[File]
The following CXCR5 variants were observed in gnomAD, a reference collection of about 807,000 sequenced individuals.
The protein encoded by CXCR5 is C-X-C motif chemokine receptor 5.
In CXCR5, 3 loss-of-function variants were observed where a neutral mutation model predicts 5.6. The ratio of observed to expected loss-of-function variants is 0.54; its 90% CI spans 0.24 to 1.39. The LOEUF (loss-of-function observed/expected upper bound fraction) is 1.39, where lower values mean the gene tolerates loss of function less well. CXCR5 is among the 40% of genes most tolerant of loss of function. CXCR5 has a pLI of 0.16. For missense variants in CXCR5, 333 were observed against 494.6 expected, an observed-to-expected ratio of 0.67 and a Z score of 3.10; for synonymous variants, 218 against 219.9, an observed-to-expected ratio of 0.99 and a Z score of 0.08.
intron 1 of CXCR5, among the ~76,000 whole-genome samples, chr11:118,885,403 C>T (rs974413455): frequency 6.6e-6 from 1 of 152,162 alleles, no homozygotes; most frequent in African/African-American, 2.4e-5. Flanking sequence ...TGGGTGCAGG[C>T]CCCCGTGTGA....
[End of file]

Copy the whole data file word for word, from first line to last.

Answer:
The following CXCR5 variants were observed in gnomAD, a reference collection of about 807,000 sequenced individuals.
The protein encoded by CXCR5 is C-X-C motif chemokine receptor 5.
In CXCR5, 3 loss-of-function variants were observed where a neutral mutation model predicts 5.6. The ratio of observed to expected loss-of-function variants is 0.54; its 90% CI spans 0.24 to 1.39. The LOEUF (loss-of-function observed/expected upper bound fraction) is 1.39, where lower values mean the gene tolerates loss of function less well. CXCR5 is among the 40% of genes most tolerant of loss of function. CXCR5 has a pLI of 0.16. For missense variants in CXCR5, 333 were observed against 494.6 expected, an observed-to-expected ratio of 0.67 and a Z score of 3.10; for synonymous variants, 218 against 219.9, an observed-to-expected ratio of 0.99 and a Z score of 0.08.
intron 1 of CXCR5, among the ~76,000 whole-genome samples, chr11:118,885,403 C>T (rs974413455): frequency 6.6e-6 from 1 of 152,162 alleles, no homozygotes; most frequent in African/African-American, 2.4e-5. Flanking sequence ...TGGGTGCAGG[C>T]CCCCGTGTGA....